John Alvin Elmer was born the son of Alvin J. and Merle (Johnson) Elmer October 20, 1943 in Rock Springs, Sweetwater, WY. He was welcomed home by his parents and sisters Judy and Nola. They had recently moved to Birch Creek, Utah and built a 2-room cabin to welcome their new baby home. Dad had not gotten the linoleum laid so the night mother and John came home from the hospital, late that night Dad prepared the rough lumber floor by scattering hay over it to pad the linoleum. Dad pulled the burning cook stove up with chains and laid the linoleum under the stove and across the room and tacked it down. Our new humble home was ready for winter. No electricity, the bathroom was up the hill and the water was in the spring pipe, we bathed in a tin bathtub.
John went to school in McKinnon with his mother as his teacher. The school had 4 rooms with 3 grades in each room, with 4 teachers. No indoor bathrooms and the kitchen was down in the basement. The school bus sometimes was a truck with a canvas over the top and benches on the sides. In 1949 it was a team and sleigh full of hay driven by Alton Beck. That Spring the sleigh turned into a white cart pulled by a team. Mud was deep but we had lots of memories.
His musical debut was to lead the percussion band for a Christmas play. All the kids wore white caped with red trim, but John being the conductor wore a nice hat that matched. He was only a 1st grader, but because he had good rhythm, he was chosen to lead grades 1-6 in that band. He was a real hit.
When John was about in 5th grade, they started running a bus from Birch Creek to Manilla because we lived in Utah. There were 13 of us and it was a mighty dusty and cold ride. John enjoyed playing basketball for several years at Manilla. He had gotten tall and could hold his own on the ball floor. It was fun to watch him play for the Manilla Mustangs.
He and Jim were playing, throwing bark at each other when John was hit in the eye and became blind in his right eye. It was darker and he always loved to joke with people. He was getting a hunting license when they asked him what color his eyes were…black and… blue. The lady looked up, mad because he was being smart, and said, “…I’ll be darned!”
John went to his last two years of high school in Green River and graduated from Green River High School. He stayed with Grandpa and Grandma Stoll.
He started playing the guitar when he was about 14, and he was very shy to sing but soon the requests were coming in for him to perform. He started a dance band and it was very popular. Younger brother Jim sang and played with him a lot and Ben Stoll played with him for awhile. Every weekend they played at the Villa at Manilla. Kim Stoll said, “John was an entertainer, one of the finest. His band used to keep the Villa jumping about 3 feet off the ground every weekend for years.” He played all over the west for years. He had one of the best bands in Wyoming, his band was called Johnny and the Ridge Runners. The harmony between John and Jim could not have been better. They lacked the capital to go big and cut records. That was a shame because many people said they liked them better than the original artist on many songs. Through the years he met and sometimes played with Tex Ross, Tommy Overstreet, Bobby Baer, and Waylon Jennings.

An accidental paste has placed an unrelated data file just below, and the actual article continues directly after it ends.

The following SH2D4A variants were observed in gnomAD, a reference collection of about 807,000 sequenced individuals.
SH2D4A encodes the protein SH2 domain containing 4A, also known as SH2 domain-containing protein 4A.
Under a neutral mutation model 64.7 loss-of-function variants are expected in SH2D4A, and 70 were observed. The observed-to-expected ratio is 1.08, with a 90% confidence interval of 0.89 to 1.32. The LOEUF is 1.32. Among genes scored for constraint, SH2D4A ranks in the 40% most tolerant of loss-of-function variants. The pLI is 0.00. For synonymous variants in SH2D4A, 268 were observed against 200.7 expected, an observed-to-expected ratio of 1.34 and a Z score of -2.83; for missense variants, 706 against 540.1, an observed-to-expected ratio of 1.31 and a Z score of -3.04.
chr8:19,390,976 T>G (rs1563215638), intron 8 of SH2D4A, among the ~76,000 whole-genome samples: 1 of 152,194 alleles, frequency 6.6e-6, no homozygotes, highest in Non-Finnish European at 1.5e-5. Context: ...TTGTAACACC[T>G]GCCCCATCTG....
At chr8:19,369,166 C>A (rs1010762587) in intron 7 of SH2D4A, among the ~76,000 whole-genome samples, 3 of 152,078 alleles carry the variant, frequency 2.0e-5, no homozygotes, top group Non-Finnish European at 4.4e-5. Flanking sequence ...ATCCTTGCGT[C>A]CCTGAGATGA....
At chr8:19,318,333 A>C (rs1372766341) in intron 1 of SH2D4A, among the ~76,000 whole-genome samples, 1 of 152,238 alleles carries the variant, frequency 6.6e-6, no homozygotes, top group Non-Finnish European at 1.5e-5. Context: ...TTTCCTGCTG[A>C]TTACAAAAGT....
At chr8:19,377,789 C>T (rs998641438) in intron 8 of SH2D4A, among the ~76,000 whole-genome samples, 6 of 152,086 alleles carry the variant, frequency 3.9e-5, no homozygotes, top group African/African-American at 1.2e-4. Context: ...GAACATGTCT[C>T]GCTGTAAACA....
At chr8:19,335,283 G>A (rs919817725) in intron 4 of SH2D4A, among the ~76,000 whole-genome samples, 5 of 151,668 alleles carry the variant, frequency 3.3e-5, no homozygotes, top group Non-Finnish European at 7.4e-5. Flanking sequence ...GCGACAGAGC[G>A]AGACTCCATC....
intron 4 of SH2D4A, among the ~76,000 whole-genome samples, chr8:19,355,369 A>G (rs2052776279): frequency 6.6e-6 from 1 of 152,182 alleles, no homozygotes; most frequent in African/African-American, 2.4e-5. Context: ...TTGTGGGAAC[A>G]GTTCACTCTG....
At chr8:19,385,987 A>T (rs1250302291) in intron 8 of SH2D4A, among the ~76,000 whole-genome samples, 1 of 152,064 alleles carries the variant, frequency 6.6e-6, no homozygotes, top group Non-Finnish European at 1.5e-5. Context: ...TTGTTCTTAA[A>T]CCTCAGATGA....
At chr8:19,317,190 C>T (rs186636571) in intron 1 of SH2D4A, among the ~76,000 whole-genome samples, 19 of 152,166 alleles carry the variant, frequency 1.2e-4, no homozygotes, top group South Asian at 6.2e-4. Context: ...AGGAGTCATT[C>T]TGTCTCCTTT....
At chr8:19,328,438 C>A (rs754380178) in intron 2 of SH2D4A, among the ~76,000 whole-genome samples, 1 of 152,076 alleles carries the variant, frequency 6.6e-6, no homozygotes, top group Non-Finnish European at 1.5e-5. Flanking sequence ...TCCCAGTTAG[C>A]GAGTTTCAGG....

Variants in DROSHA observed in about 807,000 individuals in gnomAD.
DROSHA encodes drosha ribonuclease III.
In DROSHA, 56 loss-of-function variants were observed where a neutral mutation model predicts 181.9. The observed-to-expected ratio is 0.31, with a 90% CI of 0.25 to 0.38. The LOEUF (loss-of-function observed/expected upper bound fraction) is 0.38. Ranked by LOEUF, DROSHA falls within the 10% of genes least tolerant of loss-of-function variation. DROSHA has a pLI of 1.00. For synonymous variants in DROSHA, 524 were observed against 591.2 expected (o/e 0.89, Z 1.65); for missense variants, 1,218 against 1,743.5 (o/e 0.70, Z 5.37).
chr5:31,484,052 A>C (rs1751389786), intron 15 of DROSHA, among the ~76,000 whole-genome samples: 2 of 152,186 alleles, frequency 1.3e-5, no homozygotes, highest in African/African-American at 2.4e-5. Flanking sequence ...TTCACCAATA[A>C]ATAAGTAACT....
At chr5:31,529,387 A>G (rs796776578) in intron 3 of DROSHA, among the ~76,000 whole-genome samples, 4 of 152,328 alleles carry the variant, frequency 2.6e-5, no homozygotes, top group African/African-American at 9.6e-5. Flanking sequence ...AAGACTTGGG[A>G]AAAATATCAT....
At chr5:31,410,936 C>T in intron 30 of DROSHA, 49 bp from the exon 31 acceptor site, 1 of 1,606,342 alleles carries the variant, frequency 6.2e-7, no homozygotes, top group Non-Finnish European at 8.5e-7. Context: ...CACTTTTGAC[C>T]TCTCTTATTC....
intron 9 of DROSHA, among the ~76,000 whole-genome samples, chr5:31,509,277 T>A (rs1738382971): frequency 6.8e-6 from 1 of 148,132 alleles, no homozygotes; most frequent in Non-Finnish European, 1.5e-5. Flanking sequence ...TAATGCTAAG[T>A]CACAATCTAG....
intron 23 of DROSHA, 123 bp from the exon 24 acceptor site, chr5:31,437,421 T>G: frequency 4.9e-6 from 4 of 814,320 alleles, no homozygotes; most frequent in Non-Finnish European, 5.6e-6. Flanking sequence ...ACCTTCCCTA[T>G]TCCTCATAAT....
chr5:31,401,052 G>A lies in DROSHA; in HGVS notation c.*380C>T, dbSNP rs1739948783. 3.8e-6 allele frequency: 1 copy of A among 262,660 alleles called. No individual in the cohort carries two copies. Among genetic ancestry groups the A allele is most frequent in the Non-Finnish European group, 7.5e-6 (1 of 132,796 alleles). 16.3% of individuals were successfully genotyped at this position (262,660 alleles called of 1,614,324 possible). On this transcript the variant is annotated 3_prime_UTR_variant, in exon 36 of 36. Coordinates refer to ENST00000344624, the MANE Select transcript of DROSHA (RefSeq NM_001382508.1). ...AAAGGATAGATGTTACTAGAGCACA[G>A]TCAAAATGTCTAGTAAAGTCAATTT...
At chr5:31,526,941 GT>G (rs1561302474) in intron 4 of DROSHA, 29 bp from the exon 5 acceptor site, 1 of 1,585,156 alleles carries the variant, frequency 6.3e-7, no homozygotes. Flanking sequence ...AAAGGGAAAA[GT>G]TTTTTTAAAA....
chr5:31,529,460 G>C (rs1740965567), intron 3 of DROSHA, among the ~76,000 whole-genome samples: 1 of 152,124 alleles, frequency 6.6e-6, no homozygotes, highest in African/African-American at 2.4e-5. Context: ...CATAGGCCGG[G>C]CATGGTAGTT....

He truly had a gift, and he practiced many hours, but it was not a very good life for a family man and in later years he regretted not having more time with his family.
John’s dad was a timber man, so John learned early in life to work in the timber and at the sawmill. He was a hard worker and could skid logs with horses, cut the trees down, drive the truck and caterpillar loader. He learned to run the sawmill and be the sawyer and cut the lumber. Soon he was driving big loads of logs off the mountain down the steep roads and driving truckloads of lumber to the mines in Utah. As hard as he worked it seemed there was never enough money to go around and keep all the equipment running and it again was not very good for a family man. He cut wood and delivered it to the campgrounds in the Uinta Mountains for years.
He had more surgery on his eye, so he stayed in Vernal with his sister Judy for a couple of years. Her family loved him, and they became very close. He always loved Judy and appreciated her for her love and hospitality. Through thick and thin Judy was always there for him. They had a special relationship.
He became an electrician and worked construction. He worked a lot bending conduit on big jobs. He was strong and had an eye to bend it right. He also sold mobile homes for his brother Jim in Rock Springs, Wyoming. John and Jim were as close as brothers could get. They worked together in the timber, selling mobile homes, they hunted together, fished together, looked for Spanish gold together and Jim was always there for John.
He moved to Evanston to be closer to family and lived in Tender Hearts and Rocky Mountain. He always said he was good not to worry about him. He appreciated the good care and so many that helped him.
He was preceded in death by his father Alvin Elmer, his mother Merle Elmer, his brother Jim Elmer and sister Judy Brighton. John is survived by his sister children Stacey (Troy) Gatherum; Nick (Cindi) Elmer; Tina (Jim) Johnson; Charles (Tomilynn) Elmer; Snow Palmisano; and William (Jamie) Elmer; Sister Nola (Rodney) Bluemel of Lyman; 20 grandchildren and 4 great grandchildren.
A memorial service will be held Saturday, January 9, 2021; 2:00 PM at Crandall Funeral Home 800 Uinta St., Evanston.
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